Somewhat forwardly of the inner ends of the notches 26, an apertured ear or central plate 35 is bent centrally from the front chassis section 30 and serves as a pivoting mount for the dirigible front axle 11 which extends through the apertured ear. Section 30 is formed with a pair of side flanges or cam plates 37 which, in their forward portions extending rearwardly from front edge 32, are substantially parallel and of substantially uniform height. From a point somewhat in advance of the front wheels 14, the flanges 37 diverge outwardly to the transverse line extending through the aperture of ear 35, and then converge inwardly. The diverging and converging portions of the flanges 37 are longitudinally symmetrical relative to the axle 11 or the transverse line through the aperture of ear 35. The diverging portions of the flanges 37 increase in height, as indicated at 38, to a point somewhat forwardly of the ear 35, and then decrease in height, or slope upwardly, as indicated at 40, until the depth of the flanges is somewhat less than that ofthe forward portions thereof. The sloping portions provide cam surfaces engaged by the axle 11, as best seen, for example, in FIG 3. At the rearward ends of 4 ends 56 bent downwardly to extend through the slots 53, and these ends terminate in curved portions 55 which ride on the rear axle 13;
The rear axle 13 extendsthrough the slots 47 of the rearward cars 46 of chassis section 45, and is vertically movable in these slots while being restrained against disthe sloping portions 40, each flange 37 is formed with a forwardly and downwardly opening notch or hook portion generally indicated at 41.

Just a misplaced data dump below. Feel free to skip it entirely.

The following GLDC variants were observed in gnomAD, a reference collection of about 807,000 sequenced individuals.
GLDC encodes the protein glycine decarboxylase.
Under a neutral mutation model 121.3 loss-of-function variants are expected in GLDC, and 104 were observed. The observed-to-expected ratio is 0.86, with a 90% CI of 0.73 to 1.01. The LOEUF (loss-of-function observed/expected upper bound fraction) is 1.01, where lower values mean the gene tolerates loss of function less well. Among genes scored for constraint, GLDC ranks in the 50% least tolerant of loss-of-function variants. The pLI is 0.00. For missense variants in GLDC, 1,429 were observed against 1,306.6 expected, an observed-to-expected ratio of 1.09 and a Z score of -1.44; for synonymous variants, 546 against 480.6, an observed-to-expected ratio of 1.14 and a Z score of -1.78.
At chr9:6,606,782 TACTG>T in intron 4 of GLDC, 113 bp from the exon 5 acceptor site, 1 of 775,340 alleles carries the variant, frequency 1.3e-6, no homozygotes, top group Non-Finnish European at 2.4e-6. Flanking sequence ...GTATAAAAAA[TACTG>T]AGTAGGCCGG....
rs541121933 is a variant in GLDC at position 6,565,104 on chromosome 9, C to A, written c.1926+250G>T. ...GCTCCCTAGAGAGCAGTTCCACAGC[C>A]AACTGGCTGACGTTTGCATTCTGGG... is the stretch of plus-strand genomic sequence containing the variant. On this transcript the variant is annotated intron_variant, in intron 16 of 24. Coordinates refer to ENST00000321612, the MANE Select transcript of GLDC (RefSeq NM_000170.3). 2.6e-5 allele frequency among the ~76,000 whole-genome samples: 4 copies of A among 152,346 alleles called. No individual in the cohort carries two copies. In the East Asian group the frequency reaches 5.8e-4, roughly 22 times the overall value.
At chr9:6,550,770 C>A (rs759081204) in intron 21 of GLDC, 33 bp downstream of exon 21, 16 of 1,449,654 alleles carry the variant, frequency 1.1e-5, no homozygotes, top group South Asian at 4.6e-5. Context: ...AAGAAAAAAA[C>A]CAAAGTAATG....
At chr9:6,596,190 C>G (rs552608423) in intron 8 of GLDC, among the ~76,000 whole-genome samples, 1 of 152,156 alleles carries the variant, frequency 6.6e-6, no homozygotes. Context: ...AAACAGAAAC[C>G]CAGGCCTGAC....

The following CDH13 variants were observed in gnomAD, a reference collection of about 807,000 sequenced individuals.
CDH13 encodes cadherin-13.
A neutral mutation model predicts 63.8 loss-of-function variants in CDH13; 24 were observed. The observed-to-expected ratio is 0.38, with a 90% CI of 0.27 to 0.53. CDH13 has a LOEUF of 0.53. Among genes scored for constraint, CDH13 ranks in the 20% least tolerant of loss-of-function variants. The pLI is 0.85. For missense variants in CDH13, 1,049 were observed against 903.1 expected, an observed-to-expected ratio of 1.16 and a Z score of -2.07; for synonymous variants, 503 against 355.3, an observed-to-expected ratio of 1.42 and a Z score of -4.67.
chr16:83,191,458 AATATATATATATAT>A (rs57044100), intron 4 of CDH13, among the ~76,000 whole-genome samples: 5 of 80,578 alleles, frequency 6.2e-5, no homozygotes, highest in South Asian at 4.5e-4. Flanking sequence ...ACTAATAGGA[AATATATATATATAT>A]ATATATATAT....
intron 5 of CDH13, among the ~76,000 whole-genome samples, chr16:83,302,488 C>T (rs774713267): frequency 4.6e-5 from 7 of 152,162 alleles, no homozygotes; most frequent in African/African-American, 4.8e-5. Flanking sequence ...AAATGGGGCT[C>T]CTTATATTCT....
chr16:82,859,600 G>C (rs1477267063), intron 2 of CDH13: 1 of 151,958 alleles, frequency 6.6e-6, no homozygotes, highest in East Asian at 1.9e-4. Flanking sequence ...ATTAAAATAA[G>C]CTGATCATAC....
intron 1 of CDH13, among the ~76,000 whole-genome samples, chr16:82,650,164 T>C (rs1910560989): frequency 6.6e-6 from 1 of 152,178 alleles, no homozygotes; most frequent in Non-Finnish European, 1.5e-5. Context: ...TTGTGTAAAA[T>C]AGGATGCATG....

It will be noted, particularly from FIG. 3, that at the points where the sloping edges 40 intersect the transverse line through the aperture of car 35, the height of the sloping portions 40 is substantially that of the uniform height of the forward portions of the flanges 37. In normal straight line travel of the truck, the axle 11 engages cams 40 at .about these points, as best seen in FIG. 3.
The aperture in the ear 35, which acts as a pivot for dirigibility of the axle 11, is somewhat larger than the axle so as to allow swinging of the axle in a substantially horizontal plane.
and the other end of the axle will correspondingly ride 'down its cam surface 40. Thus, by applying tilting pressure to either side of the cab 17, as indicated in FIG. 7, the end of the axle 11 on that side will ride upwardly and rearwardly along its cam surface 40 so as to turn the wheels toward that side to which pressure is applied. The other end of the axle will ride downwardly and forwardly of its cam surface'40. It should further be noted that the flanges 37, along substantially the entire length of the cam surfaces 40, are curved about radii which are substantially centered in the aperture of the ear 35.
Rear chassis section comprises a piece of sheet material, such as sheet metal, suitably bent to form a channel including a base 42 and flanges 43 providing rear axle supports. Base 42 is spot welded, brazed, riveted, or otherwise integrally secured to the frame or to the chassis 20, and particularly the channel portion 22 thereof;